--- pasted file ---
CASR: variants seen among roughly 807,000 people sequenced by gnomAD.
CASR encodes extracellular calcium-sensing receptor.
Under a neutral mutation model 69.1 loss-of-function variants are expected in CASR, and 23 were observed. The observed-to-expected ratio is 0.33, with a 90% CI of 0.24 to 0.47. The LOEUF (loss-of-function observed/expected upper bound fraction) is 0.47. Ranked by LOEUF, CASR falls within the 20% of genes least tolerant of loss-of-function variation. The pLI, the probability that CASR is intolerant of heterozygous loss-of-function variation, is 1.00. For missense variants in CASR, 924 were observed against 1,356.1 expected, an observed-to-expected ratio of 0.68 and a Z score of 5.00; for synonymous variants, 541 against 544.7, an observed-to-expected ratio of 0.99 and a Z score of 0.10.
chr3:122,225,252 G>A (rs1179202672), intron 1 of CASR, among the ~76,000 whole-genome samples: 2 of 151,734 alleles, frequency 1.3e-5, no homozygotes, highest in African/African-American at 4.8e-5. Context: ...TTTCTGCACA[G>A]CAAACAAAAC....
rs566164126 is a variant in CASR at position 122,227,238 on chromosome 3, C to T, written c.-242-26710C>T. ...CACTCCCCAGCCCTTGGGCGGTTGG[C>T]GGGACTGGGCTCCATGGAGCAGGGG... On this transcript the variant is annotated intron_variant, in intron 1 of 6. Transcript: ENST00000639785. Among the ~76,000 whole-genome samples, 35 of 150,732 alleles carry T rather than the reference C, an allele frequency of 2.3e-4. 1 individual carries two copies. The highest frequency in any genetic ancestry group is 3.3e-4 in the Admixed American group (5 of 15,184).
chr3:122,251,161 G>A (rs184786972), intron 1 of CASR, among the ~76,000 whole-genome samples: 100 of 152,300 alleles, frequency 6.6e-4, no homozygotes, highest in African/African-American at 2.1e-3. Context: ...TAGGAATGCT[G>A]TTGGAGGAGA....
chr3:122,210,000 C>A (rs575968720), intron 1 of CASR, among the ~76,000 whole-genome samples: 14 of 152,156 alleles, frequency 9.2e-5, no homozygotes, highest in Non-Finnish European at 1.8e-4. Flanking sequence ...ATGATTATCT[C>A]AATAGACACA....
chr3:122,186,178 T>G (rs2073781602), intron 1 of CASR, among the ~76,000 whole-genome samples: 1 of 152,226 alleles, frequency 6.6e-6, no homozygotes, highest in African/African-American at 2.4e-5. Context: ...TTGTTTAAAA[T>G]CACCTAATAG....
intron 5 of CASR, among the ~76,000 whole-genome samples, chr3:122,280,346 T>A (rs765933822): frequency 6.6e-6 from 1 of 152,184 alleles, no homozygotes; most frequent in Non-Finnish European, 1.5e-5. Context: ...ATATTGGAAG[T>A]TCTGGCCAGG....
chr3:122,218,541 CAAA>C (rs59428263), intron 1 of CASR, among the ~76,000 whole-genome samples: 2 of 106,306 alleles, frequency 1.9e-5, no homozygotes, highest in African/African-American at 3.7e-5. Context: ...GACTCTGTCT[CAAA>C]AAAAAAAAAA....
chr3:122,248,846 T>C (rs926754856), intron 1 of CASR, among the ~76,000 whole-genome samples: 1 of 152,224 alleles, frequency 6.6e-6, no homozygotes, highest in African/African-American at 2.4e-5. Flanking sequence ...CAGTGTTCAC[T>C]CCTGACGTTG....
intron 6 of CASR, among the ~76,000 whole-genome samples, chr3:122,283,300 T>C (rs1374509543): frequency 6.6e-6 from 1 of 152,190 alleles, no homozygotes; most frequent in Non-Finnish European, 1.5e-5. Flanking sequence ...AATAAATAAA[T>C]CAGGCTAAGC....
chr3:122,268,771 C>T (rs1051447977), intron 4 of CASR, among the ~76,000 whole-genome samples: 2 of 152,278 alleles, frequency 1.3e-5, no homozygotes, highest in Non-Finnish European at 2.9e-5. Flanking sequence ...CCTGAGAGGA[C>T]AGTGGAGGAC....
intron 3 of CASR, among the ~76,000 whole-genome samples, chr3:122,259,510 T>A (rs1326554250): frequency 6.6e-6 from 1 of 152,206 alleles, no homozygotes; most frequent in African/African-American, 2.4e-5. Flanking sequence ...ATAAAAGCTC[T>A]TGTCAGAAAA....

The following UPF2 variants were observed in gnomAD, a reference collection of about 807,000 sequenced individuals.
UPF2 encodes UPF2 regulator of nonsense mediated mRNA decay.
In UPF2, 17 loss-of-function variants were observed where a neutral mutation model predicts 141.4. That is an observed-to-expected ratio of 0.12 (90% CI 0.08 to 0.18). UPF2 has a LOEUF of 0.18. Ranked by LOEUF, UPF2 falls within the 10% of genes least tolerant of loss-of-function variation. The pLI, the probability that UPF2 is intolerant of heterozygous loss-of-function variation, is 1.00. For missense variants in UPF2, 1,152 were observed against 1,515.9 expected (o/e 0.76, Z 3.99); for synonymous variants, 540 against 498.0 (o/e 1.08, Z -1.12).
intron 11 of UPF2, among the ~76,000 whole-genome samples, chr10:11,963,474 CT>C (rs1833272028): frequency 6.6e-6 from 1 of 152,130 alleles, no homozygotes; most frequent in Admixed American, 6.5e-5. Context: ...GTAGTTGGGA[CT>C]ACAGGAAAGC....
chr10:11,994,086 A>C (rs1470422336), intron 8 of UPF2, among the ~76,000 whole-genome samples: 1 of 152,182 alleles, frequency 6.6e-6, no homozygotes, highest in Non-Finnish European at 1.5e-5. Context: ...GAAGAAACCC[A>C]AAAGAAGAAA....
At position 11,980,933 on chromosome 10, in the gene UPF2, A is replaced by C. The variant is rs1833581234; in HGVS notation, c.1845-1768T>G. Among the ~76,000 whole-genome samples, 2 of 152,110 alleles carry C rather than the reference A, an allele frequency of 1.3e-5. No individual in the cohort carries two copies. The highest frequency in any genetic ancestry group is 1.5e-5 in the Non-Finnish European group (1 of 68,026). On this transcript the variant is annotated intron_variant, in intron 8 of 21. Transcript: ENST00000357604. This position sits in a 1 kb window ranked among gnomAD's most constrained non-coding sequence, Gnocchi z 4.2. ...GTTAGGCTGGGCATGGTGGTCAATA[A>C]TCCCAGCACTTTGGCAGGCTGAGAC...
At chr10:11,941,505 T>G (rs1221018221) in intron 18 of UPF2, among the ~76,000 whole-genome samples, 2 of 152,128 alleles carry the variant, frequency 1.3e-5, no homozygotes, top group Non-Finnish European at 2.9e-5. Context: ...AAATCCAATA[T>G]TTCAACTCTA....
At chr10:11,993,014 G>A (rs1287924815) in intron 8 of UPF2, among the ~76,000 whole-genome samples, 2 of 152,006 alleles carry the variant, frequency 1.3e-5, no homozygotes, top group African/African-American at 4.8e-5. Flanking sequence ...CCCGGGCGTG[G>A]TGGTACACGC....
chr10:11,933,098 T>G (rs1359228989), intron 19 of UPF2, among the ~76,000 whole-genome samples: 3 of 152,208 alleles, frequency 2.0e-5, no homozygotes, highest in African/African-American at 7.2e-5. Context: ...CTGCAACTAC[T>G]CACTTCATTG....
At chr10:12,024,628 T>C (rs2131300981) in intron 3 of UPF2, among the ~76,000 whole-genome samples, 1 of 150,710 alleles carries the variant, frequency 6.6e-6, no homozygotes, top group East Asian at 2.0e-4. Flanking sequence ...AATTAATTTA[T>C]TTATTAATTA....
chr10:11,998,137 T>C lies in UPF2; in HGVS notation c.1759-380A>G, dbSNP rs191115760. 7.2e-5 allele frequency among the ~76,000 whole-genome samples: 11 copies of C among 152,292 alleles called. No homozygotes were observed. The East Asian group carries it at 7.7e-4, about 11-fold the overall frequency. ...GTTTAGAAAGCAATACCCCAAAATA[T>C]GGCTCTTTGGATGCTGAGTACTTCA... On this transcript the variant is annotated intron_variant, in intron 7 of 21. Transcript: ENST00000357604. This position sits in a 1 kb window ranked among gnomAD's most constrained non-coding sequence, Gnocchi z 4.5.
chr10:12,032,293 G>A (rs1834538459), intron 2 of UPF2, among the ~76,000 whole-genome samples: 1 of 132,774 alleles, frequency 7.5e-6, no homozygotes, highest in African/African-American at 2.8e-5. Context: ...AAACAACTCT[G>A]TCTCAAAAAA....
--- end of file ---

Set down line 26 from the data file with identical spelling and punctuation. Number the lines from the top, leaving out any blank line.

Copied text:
chr10:12,032,293 G>A (rs1834538459), intron 2 of UPF2, among the ~76,000 whole-genome samples: 1 of 132,774 alleles, frequency 7.5e-6, no homozygotes, highest in African/African-American at 2.8e-5. Context: ...AAACAACTCT[G>A]TCTCAAAAAA....